Charting Progress for Babies in Child Care
Support a Diverse and Culturally Competent Workforce
What policies can states use to move toward this recommendation?
To move toward this recommendation, states may use multiple policy levers, starting from different points. Potential state policies include the following:
- Train licensors and monitors in cultural competency to ensure that they understand infant/toddler care practices in cultural contexts and the ways in which diverse care practices meet licensing rules.
- Increase language access by translating licensing information, regulations, applications, preparatory materials and classes, and examinations for licensing; hiring bilingual staff; and using qualified interpreters.
- Provide training and technical assistance in languages other than English to LEP providers working towards licensure.
- Pay differential child care subsidy payment rates to centers and family child care homes that serve ELLs.
- Create incentives, including differential payment rates, for providers who complete coursework or training on cultural competence or have a bilingual endorsement.
- Target efforts to increase access to higher education for LEP and diverse providers to those caring for babies and toddlers in the subsidy system.
- Ensure that child care subsidy intake procedures and materials are linguistically appropriate, culturally sensitive, and accessible for those families living in immigrant communities.
- Include representatives of immigrant serving organizations and providers from language-minority communities on state early childhood councils and decision-making bodies.
- Include measures of cultural and linguistic competence in state quality rating and improvement systems (QRIS) to encourage the recruitment of bilingual and bicultural staff and the implementation of culturally and linguistically appropriate practices; and provide financial supports to help programs meet these goals.
- Ensure that all providers receive training in cultural competence relative to the populations of infants and toddlers they serve. Trainings should be designed based on available research and in partnership with community-based organizations or representatives of diverse communities.
- Identify and support existing infant and toddler family, friend, and neighbor caregivers in low-income communities. Through collaborations with community-based organizations, ensure these caregivers' access to linguistically appropriate training, professional development opportunities, and family support programs.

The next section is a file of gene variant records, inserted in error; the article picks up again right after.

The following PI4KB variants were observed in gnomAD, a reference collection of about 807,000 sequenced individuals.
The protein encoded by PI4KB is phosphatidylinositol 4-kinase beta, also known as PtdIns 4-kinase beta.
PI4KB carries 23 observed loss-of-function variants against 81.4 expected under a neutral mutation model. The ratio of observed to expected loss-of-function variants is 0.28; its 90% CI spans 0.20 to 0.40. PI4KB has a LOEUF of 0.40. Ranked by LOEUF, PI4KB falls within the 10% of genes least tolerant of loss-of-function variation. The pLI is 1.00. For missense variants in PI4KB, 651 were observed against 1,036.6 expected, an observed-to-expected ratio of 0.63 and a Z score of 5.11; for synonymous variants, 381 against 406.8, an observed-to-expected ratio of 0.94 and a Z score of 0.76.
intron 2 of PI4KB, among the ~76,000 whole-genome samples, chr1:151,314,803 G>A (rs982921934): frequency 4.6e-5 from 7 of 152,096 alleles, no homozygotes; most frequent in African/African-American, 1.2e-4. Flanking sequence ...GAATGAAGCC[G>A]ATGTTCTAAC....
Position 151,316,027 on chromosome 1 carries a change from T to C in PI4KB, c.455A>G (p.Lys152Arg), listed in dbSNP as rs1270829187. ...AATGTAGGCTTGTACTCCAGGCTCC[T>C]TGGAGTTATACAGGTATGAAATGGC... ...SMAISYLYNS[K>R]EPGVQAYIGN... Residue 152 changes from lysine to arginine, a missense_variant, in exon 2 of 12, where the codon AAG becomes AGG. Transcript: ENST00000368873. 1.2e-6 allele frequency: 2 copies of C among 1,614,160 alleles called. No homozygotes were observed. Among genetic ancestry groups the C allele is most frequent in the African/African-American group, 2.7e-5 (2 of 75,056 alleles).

- Offer culturally and linguistically appropriate trainings for caregivers in multiple languages, in language-minority communities, and during non-traditional hours.
- Develop early learning standards for infants and toddlers that encourage cultural competency with input from diverse providers; and provide accessible guidance to all providers on working with children from various ethnic, cultural, and linguistic backgrounds.
- Support the professional development of racially, culturally, and linguistically diverse providers through scholarships and stipends, access to professional development opportunities, and information in multiple languages.
- Work with child care resource and referral agencies to create community-based professional development plans that incorporate culturally and linguistically appropriate training on child development, health and safety, and the basic components of state licensing.
- Partner with community-based organizations and institutions of higher education to offer culturally and linguistically appropriate trainings for providers in multiple languages.
- Work with state higher education officials to
- Build the capacity of the state higher education and training systems so that professionals training infant and toddler child care providers are culturally competent and language diverse.
- Eliminate higher education structural barriers, such as limited allowance of transfer credits from two-year programs to four-year programs and the lack of early childhood coursework in languages other than English.
- Evaluate and recognize infant and toddler providers' educational credentials and transcripts from relevant coursework completed in other countries. This should include paying the costs of translating foreign degrees and credits.
- Collaborate with community-based organizations to recruit new infant and toddler providers that represent the ethnic and language diversity of children under age 3 and their families.
Related Project Recommendations
Visit page: http://www.clasp.org/babiesinchildcare/recommendations?id=0005